s.140A/B of the Consumer Credit Act (CCA) and the issue of de facto borrower are considered by the High Court.
The High Court (slightly) demystifies one of the many vague provisions of the CCA in Barclays Bank plc v L. Londell McMillan  EWHC 1596 (Comm) (the Case). In particular, the Court considered when a relationship between a credit and debtor in a consumer lend will be deemed unfair and also sheds further light on who is the de facto recipient of a loan in the provision of consumer credit.
S.140A of the CCA
S.140A gives the Court the power to consider a consumer credit agreement between a debtor and creditor and determine whether the relationship between the two parties is an unfair one. Should that agreement be deemed unfair the Court may make an Order concluding the same. In its assessment the Court (amongst other things) will have regard to all matters it thinks relevant and seek to take into consideration terms of the agreement under question, the way the creditor has enforced its rights and any actions done (not done) by the creditor during the life of the credit agreement. The onus is on the creditor to prove that the relationship is not unfair and rather unhelpfully, what is to be considered “unfair” is not clearly defined.
Mr McMillan entered into a loan agreement with Barclays Bank Plc (the Bank) for $540,000 to fund his capital contribution for a firm law firm he was a partner with. He entered into the loan in his capacity as a partner of said firm. The firm filed for Chapter 11 bankruptcy and was found to be insolvent. The bank looked to recover the loan relating to Mr McMillan. Mr McMillan invoked his right under s.140A/B claiming that athe loan agreement gave rise to an unfair debtor creditor relationship and that it should be made unenforceable by the Court. Mr McMillan also argued that the loan had been made to the firm rather than him as an individual.
The High Court found that the Bank had discharged its burden in proving that the relationship in the case was not unfair and that the loan was made to Mr. McMillan and not the law firm. In reaching its decision, the court considered the observations made by the Supreme Court in Plevin v Paragon Personal Finance Ltd  UKSC 61 – a s.140 case raised in respect of a PPI mis-selling claim.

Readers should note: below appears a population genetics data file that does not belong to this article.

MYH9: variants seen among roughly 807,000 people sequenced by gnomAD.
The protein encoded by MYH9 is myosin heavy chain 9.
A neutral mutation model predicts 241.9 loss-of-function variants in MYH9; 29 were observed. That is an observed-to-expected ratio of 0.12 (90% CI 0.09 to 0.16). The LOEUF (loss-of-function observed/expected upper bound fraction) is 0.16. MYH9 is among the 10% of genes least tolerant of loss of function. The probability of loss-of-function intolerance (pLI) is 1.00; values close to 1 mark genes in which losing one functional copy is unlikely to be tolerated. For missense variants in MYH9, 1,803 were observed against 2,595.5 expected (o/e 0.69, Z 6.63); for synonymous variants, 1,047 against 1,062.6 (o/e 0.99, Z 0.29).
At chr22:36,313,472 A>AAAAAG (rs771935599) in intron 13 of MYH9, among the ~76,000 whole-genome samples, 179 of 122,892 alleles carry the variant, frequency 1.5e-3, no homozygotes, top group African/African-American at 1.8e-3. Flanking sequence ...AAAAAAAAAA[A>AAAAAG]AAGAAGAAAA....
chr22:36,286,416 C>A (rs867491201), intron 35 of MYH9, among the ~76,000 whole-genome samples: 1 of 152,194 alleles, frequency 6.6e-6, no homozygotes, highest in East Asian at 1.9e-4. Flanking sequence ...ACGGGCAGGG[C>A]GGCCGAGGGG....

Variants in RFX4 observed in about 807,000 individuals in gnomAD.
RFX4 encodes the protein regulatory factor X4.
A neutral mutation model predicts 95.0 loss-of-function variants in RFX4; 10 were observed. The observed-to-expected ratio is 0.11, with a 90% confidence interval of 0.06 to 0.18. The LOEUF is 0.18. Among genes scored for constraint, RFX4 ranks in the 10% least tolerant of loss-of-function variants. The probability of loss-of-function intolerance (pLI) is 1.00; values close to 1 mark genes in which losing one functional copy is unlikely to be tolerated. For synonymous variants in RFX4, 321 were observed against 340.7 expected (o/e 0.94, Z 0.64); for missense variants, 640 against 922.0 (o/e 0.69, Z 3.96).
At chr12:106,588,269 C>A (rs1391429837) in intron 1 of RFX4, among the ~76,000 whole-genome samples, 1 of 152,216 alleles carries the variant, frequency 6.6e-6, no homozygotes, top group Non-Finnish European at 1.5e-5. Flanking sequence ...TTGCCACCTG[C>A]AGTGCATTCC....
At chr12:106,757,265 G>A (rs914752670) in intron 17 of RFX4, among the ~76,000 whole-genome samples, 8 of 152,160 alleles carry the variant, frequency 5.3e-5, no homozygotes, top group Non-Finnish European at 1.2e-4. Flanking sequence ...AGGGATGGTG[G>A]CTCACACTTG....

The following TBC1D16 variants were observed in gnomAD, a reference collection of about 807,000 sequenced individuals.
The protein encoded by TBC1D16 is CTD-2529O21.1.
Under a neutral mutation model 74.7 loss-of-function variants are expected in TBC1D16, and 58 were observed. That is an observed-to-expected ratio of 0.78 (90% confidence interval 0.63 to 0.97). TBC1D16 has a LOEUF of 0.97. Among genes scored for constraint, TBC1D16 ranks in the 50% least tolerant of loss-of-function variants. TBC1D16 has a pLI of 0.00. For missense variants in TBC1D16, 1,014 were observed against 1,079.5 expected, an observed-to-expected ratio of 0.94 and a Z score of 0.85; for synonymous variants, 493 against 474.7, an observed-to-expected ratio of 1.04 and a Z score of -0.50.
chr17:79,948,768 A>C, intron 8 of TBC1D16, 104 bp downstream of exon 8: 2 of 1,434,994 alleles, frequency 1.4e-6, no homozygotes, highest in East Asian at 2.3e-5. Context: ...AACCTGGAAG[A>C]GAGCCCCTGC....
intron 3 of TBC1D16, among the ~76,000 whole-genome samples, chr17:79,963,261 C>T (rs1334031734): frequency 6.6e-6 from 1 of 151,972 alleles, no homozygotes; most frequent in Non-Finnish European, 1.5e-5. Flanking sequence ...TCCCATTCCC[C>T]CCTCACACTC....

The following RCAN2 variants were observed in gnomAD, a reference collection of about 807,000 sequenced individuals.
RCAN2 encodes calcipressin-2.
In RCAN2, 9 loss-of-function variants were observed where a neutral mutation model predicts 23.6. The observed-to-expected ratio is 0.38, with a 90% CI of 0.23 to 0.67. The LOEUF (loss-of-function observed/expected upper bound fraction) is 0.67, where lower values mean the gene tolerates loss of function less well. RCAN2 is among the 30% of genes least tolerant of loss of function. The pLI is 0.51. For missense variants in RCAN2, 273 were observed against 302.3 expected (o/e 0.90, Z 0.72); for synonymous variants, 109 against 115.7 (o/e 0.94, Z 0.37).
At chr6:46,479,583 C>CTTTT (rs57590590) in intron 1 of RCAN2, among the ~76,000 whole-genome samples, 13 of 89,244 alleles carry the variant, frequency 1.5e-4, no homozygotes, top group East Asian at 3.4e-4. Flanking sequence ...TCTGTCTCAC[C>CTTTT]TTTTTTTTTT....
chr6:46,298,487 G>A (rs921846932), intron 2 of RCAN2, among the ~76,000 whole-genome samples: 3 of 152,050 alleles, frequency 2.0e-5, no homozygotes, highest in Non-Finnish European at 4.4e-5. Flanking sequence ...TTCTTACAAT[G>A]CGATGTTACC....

It considered that the relationship had not been unfair for various factors. One important factor was that the terms of the loan agreement were clearly outlined to Mr McMillan who had a clear understanding of the implications of entering into it. The Bank had acted in accordance with how a “reasonable” lender should act and did not mislead and/or provide Mr McMillan with unsuitable or inappropriate guidance/ advice on the loan; there was no reason for the Bank to assume Mr McMillan would either not be able to comply with the terms of the loan agreement or create unreasonable restrictions for him to do so. Therefore, the Bank complied with its own creditworthiness assessment obligations in the circumstances. Importantly, Mr McMillan freely, of his own volition, sought a loan from the Bank and was under no compulsory obligation to obtain finance from it – no coercion was involved.
In determining whether the loan was made to Mr McMillan or the firm of lawyers , the High Court applied established principles of construction, it was held that the contractual documents made it clear that it was Mr McMillan who was the borrower and liable for the repayments which extended to events of insolvency.
This case is yet another example of the Court looking to the wider circumstances surrounding the relationship between a debtor and creditor in determining whether reliance upon s.140 is possible. What can be taken away from the ruling here is that the relationship is dependent on the relative positions of both parties with consumer legislation protecting those that genuinely deserve it.